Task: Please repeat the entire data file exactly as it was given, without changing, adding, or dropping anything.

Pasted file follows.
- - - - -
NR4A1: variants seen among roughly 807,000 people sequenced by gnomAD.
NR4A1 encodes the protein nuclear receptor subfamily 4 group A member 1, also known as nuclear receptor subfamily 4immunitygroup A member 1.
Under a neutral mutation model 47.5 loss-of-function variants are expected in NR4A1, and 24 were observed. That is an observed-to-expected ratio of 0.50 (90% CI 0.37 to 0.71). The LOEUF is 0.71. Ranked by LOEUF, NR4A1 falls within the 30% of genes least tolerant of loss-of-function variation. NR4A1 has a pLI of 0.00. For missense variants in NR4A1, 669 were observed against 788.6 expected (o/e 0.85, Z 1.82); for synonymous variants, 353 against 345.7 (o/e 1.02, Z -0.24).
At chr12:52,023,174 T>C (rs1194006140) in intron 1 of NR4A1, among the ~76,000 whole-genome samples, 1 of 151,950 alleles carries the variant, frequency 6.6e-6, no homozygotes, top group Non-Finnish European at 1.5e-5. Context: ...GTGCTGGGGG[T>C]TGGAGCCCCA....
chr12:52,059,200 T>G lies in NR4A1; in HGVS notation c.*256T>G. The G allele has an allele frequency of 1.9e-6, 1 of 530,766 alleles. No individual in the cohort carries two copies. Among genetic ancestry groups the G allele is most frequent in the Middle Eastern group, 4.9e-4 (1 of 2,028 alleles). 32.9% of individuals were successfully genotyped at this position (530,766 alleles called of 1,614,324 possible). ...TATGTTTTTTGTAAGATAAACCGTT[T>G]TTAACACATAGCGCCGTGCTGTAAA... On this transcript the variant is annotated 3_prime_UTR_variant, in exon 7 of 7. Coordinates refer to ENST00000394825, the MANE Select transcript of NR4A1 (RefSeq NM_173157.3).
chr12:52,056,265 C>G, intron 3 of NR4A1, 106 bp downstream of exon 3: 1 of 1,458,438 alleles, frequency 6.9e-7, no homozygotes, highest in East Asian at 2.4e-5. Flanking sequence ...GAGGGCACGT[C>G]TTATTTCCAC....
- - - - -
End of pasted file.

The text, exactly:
NR4A1: variants seen among roughly 807,000 people sequenced by gnomAD.
NR4A1 encodes the protein nuclear receptor subfamily 4 group A member 1, also known as nuclear receptor subfamily 4immunitygroup A member 1.
Under a neutral mutation model 47.5 loss-of-function variants are expected in NR4A1, and 24 were observed. That is an observed-to-expected ratio of 0.50 (90% CI 0.37 to 0.71). The LOEUF is 0.71. Ranked by LOEUF, NR4A1 falls within the 30% of genes least tolerant of loss-of-function variation. NR4A1 has a pLI of 0.00. For missense variants in NR4A1, 669 were observed against 788.6 expected (o/e 0.85, Z 1.82); for synonymous variants, 353 against 345.7 (o/e 1.02, Z -0.24).
At chr12:52,023,174 T>C (rs1194006140) in intron 1 of NR4A1, among the ~76,000 whole-genome samples, 1 of 151,950 alleles carries the variant, frequency 6.6e-6, no homozygotes, top group Non-Finnish European at 1.5e-5. Context: ...GTGCTGGGGG[T>C]TGGAGCCCCA....
chr12:52,059,200 T>G lies in NR4A1; in HGVS notation c.*256T>G. The G allele has an allele frequency of 1.9e-6, 1 of 530,766 alleles. No individual in the cohort carries two copies. Among genetic ancestry groups the G allele is most frequent in the Middle Eastern group, 4.9e-4 (1 of 2,028 alleles). 32.9% of individuals were successfully genotyped at this position (530,766 alleles called of 1,614,324 possible). ...TATGTTTTTTGTAAGATAAACCGTT[T>G]TTAACACATAGCGCCGTGCTGTAAA... On this transcript the variant is annotated 3_prime_UTR_variant, in exon 7 of 7. Coordinates refer to ENST00000394825, the MANE Select transcript of NR4A1 (RefSeq NM_173157.3).
chr12:52,056,265 C>G, intron 3 of NR4A1, 106 bp downstream of exon 3: 1 of 1,458,438 alleles, frequency 6.9e-7, no homozygotes, highest in East Asian at 2.4e-5. Flanking sequence ...GAGGGCACGT[C>G]TTATTTCCAC....